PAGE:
Now, I can understand that there are people coming in for the first time, some people that were sitting down in my row were very quiet, I couldn’t hear people chanting, it’s totally understandable, coming to this weird environment with people dressed in black uniforms and chanting this weird stuff and “I don’t know what I think about this”.

For now, we’re going to leave off the words, we don’t need the words, because in essence the practice of chanting is not about the meaning behind the words. What we’re going to look at tonight is sound. The first thing I want to do is talk about our breath while we’re chanting, because this is an important aspect. When we’re chanting, we make sound, and for everybody here, I know that you’ve been given some instruction in Zen meditation so I hope that there was some talk about breathing. In breathing we’re drawing the breath into our abdomen, breathing naturally and filling our bellies. Then as we exhale, exhaling again from the lower abdomen, this HARA, just below the navel, motivating the breath and pushing out, with a nice straight back. In chanting, we’re doing exactly the same we breathe in, we fill the belly, and then as we’re exhaling we’re making sound, but we’re just making sound with the exhalation. AWWWWWWWWWWWWWWWWWWWWWWWWWWWWWWWWWWWWWWWWWWWWWWWWWWWWW...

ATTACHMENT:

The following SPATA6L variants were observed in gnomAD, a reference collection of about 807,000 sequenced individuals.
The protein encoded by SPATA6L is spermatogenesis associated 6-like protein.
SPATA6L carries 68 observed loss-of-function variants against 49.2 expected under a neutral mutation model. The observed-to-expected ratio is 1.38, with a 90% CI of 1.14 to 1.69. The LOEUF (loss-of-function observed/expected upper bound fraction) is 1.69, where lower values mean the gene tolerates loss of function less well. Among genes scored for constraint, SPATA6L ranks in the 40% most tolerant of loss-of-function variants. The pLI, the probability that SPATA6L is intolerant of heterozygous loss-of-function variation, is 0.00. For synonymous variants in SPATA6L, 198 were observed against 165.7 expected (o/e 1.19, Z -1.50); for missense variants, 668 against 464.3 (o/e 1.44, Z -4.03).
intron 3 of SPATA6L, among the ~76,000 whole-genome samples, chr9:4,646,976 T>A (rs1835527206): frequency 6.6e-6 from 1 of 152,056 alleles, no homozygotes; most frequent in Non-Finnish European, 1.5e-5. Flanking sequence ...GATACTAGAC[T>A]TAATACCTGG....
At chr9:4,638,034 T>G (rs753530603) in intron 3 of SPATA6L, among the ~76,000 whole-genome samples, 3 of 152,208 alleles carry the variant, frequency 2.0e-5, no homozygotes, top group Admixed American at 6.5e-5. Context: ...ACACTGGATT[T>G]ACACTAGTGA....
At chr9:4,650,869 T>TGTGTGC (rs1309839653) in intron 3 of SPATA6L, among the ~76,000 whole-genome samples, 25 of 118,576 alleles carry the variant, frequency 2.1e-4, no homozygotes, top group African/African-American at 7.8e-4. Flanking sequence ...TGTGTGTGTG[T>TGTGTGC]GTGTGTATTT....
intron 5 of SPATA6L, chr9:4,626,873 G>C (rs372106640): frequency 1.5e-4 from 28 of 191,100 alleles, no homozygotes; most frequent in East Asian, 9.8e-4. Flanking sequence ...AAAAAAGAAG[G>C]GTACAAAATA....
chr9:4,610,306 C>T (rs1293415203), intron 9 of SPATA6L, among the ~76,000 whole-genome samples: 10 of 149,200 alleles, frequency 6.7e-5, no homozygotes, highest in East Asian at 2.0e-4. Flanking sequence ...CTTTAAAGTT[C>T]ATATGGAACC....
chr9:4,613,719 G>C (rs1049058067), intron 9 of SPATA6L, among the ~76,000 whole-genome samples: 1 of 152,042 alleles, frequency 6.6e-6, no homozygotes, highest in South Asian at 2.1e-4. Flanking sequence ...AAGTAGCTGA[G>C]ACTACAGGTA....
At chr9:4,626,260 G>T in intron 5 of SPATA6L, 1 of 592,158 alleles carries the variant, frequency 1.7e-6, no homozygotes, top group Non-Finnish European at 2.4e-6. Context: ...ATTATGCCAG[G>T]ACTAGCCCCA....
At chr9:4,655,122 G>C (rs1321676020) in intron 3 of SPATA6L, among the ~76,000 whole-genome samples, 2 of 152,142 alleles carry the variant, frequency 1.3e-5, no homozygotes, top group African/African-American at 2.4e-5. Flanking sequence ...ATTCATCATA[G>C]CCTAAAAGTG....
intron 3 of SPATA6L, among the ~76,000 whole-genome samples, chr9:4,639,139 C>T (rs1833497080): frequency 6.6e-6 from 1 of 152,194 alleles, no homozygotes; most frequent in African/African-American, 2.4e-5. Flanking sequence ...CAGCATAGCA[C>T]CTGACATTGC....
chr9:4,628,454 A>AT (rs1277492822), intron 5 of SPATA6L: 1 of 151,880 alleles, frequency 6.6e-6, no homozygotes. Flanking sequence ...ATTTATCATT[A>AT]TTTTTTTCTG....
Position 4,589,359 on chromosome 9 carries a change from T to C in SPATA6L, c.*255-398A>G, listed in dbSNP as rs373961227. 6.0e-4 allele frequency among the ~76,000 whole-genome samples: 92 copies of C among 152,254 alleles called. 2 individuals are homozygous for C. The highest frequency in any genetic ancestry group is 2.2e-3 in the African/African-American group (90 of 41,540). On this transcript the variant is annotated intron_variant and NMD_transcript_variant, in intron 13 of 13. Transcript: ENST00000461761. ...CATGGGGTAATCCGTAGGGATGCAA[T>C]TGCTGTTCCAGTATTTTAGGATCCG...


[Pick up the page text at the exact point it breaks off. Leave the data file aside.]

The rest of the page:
At the bottom of the breath, there’s no need to panic. Nothing’s going to fall apart if you’re not continuing to make sound. The next natural thing for you to do is to take in a breath... having completely breathed in, we can make sound:

One of the difficulties with chanting that many people have is a difficulty, I think, that also comes up in people’s lives which is, that we have this really self-centred belief that if we’re not intimately involved in every aspect of everything, the world will collapse, or our workplace will collapse, or our relationship will collapse. So this practice of chanting is also one of experiencing interdependence, experiencing, or developing the trust, or the faith that the practice, that the environment will be supported even if we’re taking a breath in, if we’re catching our breath.

One of the first instructions you receive in chanting is to chant with your ears. So often when start chanting we’re thinking about ourselves, so we’re worried about what’s coming out of our mouths, what we’re producing, so one of the keys in chanting is to chant with your ears, which means to let go into the sound that surrounds you and then simply rise to meet it, O.K?